Headin’ Home with The Babe
Posted by athomeatfenway on September 13, 2011
Gotta get one bugaboo about Babe Ruth out of the way right now.
There is one point in this 1920 silent film when Babe is seated at dinner with his Mom and little sister, Pig Tails. To paraphrase the next frame, “Babe came home every night because in Haverlock there wasn’t anything else to do.” (Haverlock is his fictitious hometown)
After reading an adult history of the Bambino, it’s hard to imagine the real George Herman Ruth coming home at all.
The Captain of the Cathouses, the Pasha of Putytang, the Amir of Alcohol, the Sultan of Swat, Sweat & Suds……cast in a sanitized role ?
That is like casting Jose Canseco as Ashley Wilkes in Gone with the Wind. See the Southern Gentleman with boa constrictor, recreational drugs on the night table, with mirrors over the bed in his Plantation House.
If you don’t understand, please read Leigh Montville’s The Big Bam and Jessica Canseco’s Juicy as soon as possible.
OK, then. Babe as the Country Innocent stopped me in my tracks. Just sayin’.
This movie depicts Babe’s rise from small town loser to major league slugger. The youngster has few social skills. But his golden heart is devoted to his family, pets and overall good behavior. Now, this isn’t a narrative about the Bambino. It’s entirely fictitious. The Yankees are never mentioned, nor the Sox, nor Baltimore, nor Brother Mathias nor anything else relating to the real Babe. It’s just Babe playing a Bumpkin who happens to be named Babe, who happens to hit baseballs so far he ends up playing in the Polo Grounds.
SABR folk and baseball historians will feel rewarded with a screening of Headin’ Home. Babe was 25 when this flick was released. He looks every bit of the 6’ 2” 215 pound he is listed at on baseball-reference.com. This was the year that Ruth registered a .376 B.A., 54 HR and 137 RBI. He walked 150 times. He scored 158 runs. He registered a 1.379 OPS, the highest of his career. And he did it all in 142 games. He is tall, broad shouldered, slim waisted and barrel chested.
The shots of the Polo Grounds are brief but inspiring. Deadball era dudes with straw skimmers fill the ornate boxes that front the upper deck. The crowd is wild. The long gone skyline of Coogan’s Bluff looms. The teams walk to the clubhouse in Centerfield after Babe’s dinger, verifying they are where you thought they were. Clubhouses in Center.
The plot is maple syrup. Babe lives with Maw and Pigtails and their pup in Haverlock. Si Tobin, local tycoon, has a wayward son and a beautiful daughter that Babe would like to court if he only could find the words. A huckster comes to town and weasels his way onto the Haverlock baseball team and into the heart of Si’s beautiful daughter. The huckster blocks Babe from a roster spot on the Haverlock 9. Ruth suits up for the opposing team, smacks a home run that travels 7 blocks, and is signed to a big league contract. But before he reports to the MLB, Ruth breaks the Huckster’s spell over Si’s daughter and returns the wayward son to his home. Next, we jump cut to the Babe smashing a walk-off grand slam in the Polo Grounds. He has made good as a Big Leaguer. And he has saved the family pooch from the dog catcher in the process.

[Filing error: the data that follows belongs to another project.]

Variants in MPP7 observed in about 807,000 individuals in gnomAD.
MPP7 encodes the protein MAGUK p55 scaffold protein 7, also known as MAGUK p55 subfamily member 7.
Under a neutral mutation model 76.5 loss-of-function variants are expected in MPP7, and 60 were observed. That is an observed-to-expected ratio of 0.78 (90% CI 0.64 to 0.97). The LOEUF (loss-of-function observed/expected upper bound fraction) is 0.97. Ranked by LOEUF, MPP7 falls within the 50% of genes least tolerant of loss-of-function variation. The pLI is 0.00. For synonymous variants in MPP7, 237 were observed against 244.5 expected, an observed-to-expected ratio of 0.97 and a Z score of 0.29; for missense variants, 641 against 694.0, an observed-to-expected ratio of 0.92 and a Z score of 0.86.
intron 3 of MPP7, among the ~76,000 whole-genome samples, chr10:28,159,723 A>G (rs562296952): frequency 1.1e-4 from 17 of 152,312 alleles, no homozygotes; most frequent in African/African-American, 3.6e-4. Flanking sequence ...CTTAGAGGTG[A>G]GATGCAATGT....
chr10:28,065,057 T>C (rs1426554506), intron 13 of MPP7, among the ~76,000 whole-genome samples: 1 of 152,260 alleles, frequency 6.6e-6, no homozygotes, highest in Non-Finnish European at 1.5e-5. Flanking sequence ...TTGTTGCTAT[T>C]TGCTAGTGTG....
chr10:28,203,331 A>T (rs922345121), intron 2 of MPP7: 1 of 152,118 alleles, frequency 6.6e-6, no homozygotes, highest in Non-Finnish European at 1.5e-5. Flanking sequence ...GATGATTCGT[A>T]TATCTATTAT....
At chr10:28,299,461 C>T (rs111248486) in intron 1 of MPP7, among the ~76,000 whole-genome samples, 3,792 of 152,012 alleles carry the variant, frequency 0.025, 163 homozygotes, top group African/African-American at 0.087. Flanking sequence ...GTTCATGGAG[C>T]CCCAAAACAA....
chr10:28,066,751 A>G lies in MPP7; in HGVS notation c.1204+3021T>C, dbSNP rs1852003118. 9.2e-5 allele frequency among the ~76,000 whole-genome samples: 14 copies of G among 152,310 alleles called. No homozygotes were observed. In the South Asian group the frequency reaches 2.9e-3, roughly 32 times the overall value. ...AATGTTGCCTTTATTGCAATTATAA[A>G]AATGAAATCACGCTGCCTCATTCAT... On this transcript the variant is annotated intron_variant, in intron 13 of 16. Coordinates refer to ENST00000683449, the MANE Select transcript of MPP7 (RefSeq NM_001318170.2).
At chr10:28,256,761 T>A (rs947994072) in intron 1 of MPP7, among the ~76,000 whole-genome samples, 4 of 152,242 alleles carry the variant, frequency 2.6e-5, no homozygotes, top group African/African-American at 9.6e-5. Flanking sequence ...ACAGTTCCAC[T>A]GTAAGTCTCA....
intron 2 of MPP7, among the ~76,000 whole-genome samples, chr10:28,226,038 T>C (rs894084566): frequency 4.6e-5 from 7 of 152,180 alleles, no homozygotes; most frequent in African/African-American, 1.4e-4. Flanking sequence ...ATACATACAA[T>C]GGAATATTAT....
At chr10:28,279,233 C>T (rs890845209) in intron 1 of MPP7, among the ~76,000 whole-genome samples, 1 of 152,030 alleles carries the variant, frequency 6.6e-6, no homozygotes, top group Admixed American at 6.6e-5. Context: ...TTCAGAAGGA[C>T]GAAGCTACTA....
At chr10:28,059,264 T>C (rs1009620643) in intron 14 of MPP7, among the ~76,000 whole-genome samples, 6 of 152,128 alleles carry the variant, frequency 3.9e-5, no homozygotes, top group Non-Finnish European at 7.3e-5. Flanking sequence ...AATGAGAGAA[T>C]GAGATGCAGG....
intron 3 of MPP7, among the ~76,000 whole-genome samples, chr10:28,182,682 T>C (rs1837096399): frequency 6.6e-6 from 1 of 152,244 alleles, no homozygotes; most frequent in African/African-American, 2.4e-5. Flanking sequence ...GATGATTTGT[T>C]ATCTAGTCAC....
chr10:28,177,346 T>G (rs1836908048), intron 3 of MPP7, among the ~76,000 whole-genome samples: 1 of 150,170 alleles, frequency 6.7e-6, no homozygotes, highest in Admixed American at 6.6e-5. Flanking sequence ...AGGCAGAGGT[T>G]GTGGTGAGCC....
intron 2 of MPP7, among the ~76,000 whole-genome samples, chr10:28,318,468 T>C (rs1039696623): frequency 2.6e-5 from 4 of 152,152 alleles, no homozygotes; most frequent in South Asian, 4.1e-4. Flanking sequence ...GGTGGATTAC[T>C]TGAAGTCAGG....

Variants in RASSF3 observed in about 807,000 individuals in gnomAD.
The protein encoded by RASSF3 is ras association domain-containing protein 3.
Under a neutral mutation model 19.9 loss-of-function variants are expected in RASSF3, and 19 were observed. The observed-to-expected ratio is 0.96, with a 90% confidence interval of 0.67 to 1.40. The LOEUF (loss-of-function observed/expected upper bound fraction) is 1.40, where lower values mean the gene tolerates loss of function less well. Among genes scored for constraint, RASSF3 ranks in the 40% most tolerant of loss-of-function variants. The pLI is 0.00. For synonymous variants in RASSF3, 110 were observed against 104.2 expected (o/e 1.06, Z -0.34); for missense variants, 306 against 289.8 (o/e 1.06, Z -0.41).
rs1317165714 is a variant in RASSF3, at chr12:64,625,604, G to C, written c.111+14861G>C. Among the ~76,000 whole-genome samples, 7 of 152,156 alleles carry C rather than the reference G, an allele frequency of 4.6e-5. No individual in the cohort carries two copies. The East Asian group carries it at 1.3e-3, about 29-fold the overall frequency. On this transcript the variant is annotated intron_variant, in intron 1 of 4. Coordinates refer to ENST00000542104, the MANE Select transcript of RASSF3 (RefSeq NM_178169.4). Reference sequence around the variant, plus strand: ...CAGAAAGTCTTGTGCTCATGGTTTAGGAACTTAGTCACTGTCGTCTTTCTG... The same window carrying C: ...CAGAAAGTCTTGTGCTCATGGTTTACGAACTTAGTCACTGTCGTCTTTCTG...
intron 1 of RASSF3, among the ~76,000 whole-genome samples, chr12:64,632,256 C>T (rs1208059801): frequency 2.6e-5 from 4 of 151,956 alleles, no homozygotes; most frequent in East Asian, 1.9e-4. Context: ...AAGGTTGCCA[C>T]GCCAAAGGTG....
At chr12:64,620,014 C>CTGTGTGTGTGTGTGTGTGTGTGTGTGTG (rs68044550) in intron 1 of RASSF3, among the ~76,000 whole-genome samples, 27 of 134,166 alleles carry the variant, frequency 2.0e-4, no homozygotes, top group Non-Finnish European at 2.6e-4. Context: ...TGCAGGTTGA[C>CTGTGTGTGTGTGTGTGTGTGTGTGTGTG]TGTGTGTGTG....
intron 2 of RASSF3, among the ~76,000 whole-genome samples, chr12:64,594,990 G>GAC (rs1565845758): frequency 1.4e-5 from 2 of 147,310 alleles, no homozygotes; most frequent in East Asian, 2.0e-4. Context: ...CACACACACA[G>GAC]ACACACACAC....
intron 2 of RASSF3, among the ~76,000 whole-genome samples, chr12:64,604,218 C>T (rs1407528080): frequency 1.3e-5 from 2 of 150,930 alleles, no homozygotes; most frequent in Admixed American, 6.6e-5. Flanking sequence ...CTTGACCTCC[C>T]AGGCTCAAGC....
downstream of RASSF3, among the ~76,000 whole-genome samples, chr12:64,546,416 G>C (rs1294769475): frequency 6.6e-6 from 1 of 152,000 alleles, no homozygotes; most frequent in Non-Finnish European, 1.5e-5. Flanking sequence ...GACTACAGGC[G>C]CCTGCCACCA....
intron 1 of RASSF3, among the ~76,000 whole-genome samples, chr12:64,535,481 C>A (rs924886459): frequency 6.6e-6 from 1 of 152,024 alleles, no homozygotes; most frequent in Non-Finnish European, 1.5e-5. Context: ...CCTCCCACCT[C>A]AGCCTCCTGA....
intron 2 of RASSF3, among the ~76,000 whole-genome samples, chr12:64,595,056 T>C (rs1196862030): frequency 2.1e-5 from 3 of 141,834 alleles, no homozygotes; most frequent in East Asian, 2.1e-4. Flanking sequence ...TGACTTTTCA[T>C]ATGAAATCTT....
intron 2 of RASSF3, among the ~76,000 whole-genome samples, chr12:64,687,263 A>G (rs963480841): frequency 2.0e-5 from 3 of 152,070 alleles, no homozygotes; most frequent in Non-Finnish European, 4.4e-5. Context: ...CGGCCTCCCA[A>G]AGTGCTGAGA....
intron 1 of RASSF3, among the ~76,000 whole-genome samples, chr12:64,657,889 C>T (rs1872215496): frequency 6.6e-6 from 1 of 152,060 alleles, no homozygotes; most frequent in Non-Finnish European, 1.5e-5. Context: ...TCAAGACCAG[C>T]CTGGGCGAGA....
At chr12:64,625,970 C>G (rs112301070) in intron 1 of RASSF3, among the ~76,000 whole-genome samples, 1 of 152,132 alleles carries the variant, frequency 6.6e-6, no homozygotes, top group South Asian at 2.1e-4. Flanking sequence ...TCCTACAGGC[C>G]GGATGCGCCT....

The Piano work is masterful. The film is remarkably intact.
By the end of this hokey film the question is just how big a celebrity was the Babe that this film was produced even before he transformed the Big Apple into a perennial Champion?
The answer: He was already huge.
On Jan. 6, the sale of Ruth was reported in the papers, which detailed that Babe had declined a 3-year, $10,000 per year contract with the Sox, insisting on twice that much.
By mid-July, he surpassed his MLB record of 29 HR’s in a season and the idea of Ruth hitting 50 HR’s was electrifying.
The Aug. 15, 1920 edition of The Hartford Courant asked, “Will Babe Ruth’s Home Run Record Compare With Those of Old-Time Diamond Stars?”.
The film debuted on Sept. 19, 1920 — 10 days before the 1920 season ended. Thus, the movie was shot during Ruth’s record breaking season.
Not unlike how the Beatles made A Hard Day’s Night and released it the same year they made their conquest of America & the World. (1964)
That’s how big the Babe was. Beatles big. John-Paul-George-And-Ringo Big.
He will never again wear the scrubbed down halo of the chaste hero, but there is no denying he was a top pop icon by the time he left Boston. So the film attests.
REEL BASEBALL: 1899 to 1926. Featuring Headin’ Home starring Babe Ruth. Available for under $15.00 all over the internet.